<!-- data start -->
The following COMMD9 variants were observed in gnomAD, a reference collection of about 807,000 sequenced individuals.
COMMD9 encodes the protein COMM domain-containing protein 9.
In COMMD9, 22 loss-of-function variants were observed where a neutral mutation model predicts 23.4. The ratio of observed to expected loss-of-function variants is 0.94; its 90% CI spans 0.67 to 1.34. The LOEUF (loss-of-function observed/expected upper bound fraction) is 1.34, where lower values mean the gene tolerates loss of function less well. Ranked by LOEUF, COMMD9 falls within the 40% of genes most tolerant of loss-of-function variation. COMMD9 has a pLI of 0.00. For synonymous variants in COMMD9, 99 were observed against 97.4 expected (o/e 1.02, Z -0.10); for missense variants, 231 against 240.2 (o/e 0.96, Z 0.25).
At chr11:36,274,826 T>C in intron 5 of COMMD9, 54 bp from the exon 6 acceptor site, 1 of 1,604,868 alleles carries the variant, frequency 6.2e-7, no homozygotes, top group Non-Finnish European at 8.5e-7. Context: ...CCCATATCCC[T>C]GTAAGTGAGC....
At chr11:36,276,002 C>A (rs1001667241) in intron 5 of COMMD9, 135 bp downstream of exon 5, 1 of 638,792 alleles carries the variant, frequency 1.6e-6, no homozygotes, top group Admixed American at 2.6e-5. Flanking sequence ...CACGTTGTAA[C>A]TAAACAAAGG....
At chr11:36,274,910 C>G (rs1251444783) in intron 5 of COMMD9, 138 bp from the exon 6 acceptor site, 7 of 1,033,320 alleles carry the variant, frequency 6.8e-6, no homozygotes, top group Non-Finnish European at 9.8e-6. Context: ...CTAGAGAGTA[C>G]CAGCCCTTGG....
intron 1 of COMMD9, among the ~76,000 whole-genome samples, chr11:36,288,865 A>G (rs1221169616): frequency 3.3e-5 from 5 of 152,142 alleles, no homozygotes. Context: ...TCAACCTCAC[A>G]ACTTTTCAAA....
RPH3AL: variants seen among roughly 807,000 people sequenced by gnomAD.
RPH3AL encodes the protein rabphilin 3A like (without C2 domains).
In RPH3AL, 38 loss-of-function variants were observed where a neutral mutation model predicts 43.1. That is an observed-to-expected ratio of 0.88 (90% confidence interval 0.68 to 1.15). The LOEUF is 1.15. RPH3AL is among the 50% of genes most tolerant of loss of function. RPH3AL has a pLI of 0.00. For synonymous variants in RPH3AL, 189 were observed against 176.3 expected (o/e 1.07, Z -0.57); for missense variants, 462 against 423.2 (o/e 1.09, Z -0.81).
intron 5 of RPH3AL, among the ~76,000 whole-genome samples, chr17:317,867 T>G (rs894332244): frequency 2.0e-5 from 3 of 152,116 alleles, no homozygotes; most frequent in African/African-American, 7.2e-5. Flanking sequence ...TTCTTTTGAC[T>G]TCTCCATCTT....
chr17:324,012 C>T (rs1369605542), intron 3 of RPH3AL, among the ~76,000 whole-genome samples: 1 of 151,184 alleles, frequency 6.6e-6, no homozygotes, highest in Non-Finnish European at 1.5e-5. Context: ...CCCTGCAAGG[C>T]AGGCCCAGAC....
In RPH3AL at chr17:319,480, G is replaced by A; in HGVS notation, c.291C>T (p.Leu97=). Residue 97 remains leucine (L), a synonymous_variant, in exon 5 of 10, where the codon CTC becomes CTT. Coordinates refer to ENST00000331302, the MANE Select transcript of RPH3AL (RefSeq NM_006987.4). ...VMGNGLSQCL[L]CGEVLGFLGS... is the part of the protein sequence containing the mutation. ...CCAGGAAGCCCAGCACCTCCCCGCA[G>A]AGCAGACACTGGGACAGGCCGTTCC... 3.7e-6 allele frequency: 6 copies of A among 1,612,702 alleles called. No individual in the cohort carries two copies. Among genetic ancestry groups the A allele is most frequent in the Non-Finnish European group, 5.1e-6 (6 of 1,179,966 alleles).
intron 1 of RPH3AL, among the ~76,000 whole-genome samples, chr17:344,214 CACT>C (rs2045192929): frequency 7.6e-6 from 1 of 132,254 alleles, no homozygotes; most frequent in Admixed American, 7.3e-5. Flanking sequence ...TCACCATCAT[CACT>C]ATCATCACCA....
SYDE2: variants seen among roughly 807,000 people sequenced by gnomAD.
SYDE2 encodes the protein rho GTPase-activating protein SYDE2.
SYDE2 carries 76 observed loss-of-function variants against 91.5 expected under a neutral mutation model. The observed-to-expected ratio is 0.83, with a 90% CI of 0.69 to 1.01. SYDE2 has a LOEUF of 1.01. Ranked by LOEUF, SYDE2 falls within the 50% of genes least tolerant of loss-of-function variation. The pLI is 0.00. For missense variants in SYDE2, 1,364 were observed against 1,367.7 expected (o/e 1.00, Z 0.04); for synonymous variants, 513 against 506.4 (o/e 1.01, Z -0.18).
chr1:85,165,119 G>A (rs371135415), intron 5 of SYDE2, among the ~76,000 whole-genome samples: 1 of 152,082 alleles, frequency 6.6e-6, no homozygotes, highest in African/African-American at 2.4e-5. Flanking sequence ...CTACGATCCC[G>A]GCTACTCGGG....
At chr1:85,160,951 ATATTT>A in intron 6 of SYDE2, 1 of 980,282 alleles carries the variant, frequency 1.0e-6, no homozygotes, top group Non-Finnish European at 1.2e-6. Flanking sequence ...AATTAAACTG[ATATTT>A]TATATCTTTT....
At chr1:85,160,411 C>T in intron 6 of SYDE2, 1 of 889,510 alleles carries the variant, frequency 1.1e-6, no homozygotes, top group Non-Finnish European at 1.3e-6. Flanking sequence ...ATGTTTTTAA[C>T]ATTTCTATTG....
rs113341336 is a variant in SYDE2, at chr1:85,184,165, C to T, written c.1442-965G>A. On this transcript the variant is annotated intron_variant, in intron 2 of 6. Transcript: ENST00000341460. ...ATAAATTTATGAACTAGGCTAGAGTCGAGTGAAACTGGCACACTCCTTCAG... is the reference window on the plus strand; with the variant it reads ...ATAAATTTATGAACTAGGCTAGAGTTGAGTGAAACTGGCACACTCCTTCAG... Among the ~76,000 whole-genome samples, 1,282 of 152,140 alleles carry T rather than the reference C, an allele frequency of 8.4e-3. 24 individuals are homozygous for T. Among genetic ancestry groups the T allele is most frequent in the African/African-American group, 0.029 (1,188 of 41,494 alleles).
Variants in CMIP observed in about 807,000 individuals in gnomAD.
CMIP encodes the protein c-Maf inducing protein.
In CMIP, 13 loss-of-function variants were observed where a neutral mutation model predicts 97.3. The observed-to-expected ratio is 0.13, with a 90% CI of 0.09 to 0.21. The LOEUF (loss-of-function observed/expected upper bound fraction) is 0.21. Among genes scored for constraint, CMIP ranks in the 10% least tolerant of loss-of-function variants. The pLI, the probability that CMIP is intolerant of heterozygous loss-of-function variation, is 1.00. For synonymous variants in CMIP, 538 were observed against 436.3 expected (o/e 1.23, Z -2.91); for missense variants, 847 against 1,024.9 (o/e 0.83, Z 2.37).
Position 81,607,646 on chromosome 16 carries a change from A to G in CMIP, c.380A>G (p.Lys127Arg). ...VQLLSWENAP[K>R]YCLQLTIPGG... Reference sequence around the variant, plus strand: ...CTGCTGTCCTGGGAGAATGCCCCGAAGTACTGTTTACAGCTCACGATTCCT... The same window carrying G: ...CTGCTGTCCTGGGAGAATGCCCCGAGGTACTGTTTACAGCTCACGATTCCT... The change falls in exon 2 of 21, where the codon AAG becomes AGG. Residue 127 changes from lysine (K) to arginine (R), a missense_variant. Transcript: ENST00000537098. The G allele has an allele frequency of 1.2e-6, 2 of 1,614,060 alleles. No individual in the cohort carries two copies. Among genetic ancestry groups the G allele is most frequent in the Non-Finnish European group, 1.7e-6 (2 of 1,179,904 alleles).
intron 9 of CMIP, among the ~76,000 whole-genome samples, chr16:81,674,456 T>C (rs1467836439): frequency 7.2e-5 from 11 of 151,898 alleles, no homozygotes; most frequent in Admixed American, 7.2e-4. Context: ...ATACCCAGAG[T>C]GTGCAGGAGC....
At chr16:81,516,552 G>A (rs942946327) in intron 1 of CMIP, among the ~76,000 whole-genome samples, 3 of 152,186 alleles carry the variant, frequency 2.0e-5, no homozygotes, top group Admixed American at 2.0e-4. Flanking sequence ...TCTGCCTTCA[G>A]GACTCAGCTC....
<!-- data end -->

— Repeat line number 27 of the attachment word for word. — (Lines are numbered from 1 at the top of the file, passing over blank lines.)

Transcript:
At chr16:81,516,552 G>A (rs942946327) in intron 1 of CMIP, among the ~76,000 whole-genome samples, 3 of 152,186 alleles carry the variant, frequency 2.0e-5, no homozygotes, top group Admixed American at 2.0e-4. Flanking sequence ...TCTGCCTTCA[G>A]GACTCAGCTC....